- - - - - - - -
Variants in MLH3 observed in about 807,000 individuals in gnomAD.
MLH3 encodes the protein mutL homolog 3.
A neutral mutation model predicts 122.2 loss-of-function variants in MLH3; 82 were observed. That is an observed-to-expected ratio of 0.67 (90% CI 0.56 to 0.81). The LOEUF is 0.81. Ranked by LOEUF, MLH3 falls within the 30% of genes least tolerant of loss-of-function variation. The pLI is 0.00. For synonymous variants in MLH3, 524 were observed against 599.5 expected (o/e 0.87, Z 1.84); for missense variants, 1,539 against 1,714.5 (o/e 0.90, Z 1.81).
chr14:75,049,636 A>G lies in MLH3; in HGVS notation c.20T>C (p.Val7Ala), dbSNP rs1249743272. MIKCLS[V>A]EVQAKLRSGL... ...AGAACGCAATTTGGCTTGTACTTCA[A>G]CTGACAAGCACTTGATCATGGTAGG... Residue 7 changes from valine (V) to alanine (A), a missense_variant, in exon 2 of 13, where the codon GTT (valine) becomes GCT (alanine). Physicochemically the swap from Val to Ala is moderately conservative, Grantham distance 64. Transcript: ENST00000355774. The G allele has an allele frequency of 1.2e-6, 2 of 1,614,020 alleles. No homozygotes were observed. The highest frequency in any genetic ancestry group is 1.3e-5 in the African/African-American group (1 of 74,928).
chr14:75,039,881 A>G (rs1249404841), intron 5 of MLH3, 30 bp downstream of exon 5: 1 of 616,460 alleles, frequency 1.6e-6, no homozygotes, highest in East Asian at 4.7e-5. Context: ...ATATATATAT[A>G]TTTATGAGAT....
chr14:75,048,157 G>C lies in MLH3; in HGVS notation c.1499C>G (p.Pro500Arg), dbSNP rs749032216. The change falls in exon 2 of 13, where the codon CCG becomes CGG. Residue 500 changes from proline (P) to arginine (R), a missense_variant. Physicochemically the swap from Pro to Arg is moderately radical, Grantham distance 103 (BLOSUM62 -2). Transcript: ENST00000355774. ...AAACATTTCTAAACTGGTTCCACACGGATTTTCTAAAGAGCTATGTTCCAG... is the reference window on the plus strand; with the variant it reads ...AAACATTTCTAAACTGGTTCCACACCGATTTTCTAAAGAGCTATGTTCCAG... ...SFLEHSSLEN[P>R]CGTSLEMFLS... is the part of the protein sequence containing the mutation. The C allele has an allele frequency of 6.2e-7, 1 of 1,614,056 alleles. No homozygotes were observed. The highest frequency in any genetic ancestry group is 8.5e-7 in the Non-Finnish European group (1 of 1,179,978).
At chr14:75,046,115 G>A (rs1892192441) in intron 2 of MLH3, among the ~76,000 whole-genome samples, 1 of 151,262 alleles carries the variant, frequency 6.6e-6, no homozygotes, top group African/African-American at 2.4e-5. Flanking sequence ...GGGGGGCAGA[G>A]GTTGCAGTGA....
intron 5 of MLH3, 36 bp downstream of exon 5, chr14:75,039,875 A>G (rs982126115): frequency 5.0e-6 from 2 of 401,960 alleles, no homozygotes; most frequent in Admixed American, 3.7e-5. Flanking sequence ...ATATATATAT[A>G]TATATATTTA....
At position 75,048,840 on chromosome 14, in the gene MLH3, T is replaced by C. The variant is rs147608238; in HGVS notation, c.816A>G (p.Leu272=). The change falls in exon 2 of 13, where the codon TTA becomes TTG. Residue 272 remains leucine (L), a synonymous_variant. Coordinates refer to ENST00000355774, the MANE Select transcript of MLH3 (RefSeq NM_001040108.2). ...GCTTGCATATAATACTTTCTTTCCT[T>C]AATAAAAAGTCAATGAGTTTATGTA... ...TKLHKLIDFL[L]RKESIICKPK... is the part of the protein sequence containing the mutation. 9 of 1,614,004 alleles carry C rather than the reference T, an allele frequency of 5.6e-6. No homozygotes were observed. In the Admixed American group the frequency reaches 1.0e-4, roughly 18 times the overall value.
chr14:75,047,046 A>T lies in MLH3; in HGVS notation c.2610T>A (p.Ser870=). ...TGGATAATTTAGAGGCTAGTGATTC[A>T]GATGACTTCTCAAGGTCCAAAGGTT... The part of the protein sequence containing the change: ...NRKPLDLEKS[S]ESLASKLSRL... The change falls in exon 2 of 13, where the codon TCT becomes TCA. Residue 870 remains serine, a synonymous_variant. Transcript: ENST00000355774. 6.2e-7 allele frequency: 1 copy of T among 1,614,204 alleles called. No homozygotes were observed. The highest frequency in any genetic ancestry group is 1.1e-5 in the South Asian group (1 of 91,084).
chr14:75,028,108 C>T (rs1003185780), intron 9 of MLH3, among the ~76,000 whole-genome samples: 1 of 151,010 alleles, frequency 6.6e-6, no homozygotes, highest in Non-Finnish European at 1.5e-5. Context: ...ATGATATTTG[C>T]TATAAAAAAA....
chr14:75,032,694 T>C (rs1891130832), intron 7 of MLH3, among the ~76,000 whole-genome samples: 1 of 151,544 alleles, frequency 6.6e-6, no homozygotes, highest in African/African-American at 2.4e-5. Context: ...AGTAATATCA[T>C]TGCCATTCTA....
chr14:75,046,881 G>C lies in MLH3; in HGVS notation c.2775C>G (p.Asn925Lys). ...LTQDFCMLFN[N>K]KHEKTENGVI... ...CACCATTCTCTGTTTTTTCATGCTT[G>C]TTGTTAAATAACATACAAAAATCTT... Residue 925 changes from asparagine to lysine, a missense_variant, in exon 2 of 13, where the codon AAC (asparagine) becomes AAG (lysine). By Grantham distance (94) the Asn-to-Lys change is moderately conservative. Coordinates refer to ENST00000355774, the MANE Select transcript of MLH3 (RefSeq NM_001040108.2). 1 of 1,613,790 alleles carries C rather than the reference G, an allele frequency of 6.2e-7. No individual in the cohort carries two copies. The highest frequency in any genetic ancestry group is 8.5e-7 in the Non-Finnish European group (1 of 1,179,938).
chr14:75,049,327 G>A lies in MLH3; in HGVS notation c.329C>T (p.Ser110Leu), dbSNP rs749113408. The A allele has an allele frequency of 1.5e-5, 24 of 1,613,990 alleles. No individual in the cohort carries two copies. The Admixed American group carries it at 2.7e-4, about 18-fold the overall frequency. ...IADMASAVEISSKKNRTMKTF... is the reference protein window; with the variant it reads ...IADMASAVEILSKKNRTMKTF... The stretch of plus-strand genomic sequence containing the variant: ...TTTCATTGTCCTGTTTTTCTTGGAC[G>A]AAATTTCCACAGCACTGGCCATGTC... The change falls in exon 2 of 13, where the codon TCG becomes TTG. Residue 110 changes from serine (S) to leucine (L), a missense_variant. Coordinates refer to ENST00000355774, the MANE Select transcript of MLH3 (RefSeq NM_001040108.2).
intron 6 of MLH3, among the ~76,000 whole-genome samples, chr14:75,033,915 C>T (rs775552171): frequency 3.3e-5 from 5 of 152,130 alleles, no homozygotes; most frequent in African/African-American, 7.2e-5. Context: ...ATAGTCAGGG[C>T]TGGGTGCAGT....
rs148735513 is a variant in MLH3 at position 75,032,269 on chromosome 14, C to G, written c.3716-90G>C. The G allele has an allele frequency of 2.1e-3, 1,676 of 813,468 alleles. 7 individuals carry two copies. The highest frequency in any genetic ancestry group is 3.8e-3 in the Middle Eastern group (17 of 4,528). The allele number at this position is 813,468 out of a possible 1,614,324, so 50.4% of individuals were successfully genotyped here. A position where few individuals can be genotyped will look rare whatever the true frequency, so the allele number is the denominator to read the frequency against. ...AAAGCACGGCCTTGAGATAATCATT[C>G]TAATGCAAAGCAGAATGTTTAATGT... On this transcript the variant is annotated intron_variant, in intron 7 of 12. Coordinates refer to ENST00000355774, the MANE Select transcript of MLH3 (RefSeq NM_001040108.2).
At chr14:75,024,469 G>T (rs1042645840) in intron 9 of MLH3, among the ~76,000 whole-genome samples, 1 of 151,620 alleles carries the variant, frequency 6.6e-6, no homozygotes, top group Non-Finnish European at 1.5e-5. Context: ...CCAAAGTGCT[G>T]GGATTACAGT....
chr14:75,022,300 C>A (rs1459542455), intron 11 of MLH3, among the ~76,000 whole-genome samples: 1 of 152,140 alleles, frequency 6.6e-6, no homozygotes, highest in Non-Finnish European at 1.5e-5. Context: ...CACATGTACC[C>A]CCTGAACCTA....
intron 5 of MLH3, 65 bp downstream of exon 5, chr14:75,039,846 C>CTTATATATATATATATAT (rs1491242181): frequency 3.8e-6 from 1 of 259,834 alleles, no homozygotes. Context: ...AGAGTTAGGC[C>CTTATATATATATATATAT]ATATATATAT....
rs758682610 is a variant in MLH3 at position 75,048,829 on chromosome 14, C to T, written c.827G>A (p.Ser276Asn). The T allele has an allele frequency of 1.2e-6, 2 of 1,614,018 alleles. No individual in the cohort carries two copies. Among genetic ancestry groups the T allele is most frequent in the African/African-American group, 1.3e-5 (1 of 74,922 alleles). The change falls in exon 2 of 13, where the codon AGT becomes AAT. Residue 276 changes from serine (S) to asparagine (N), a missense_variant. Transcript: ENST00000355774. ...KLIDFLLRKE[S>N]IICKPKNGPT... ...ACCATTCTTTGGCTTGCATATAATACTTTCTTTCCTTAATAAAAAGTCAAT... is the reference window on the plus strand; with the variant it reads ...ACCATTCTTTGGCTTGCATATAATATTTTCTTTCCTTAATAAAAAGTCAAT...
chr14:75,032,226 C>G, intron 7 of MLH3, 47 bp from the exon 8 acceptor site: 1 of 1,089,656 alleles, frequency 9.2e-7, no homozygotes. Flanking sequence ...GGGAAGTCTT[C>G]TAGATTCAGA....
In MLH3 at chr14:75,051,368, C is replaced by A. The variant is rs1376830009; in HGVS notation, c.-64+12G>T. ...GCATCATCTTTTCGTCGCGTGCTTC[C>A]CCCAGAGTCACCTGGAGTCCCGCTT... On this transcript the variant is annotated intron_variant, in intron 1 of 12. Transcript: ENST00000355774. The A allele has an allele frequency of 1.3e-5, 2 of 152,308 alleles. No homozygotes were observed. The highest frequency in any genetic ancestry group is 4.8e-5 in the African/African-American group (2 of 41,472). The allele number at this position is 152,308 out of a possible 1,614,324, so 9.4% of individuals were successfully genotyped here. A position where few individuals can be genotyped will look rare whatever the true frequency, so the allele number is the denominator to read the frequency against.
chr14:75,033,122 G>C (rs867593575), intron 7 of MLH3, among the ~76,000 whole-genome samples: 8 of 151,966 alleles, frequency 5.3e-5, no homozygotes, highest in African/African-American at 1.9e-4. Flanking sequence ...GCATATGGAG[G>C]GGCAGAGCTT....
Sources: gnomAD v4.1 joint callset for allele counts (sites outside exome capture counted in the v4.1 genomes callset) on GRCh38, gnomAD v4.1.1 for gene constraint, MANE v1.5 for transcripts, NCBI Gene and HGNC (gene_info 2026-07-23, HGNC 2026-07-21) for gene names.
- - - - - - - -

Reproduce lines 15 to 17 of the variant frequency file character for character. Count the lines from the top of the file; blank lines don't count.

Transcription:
intron 6 of MLH3, among the ~76,000 whole-genome samples, chr14:75,033,915 C>T (rs775552171): frequency 3.3e-5 from 5 of 152,130 alleles, no homozygotes; most frequent in African/African-American, 7.2e-5. Context: ...ATAGTCAGGG[C>T]TGGGTGCAGT....
rs148735513 is a variant in MLH3 at position 75,032,269 on chromosome 14, C to G, written c.3716-90G>C. The G allele has an allele frequency of 2.1e-3, 1,676 of 813,468 alleles. 7 individuals carry two copies. The highest frequency in any genetic ancestry group is 3.8e-3 in the Middle Eastern group (17 of 4,528). The allele number at this position is 813,468 out of a possible 1,614,324, so 50.4% of individuals were successfully genotyped here. A position where few individuals can be genotyped will look rare whatever the true frequency, so the allele number is the denominator to read the frequency against. ...AAAGCACGGCCTTGAGATAATCATT[C>G]TAATGCAAAGCAGAATGTTTAATGT... On this transcript the variant is annotated intron_variant, in intron 7 of 12. Coordinates refer to ENST00000355774, the MANE Select transcript of MLH3 (RefSeq NM_001040108.2).
At chr14:75,024,469 G>T (rs1042645840) in intron 9 of MLH3, among the ~76,000 whole-genome samples, 1 of 151,620 alleles carries the variant, frequency 6.6e-6, no homozygotes, top group Non-Finnish European at 1.5e-5. Context: ...CCAAAGTGCT[G>T]GGATTACAGT....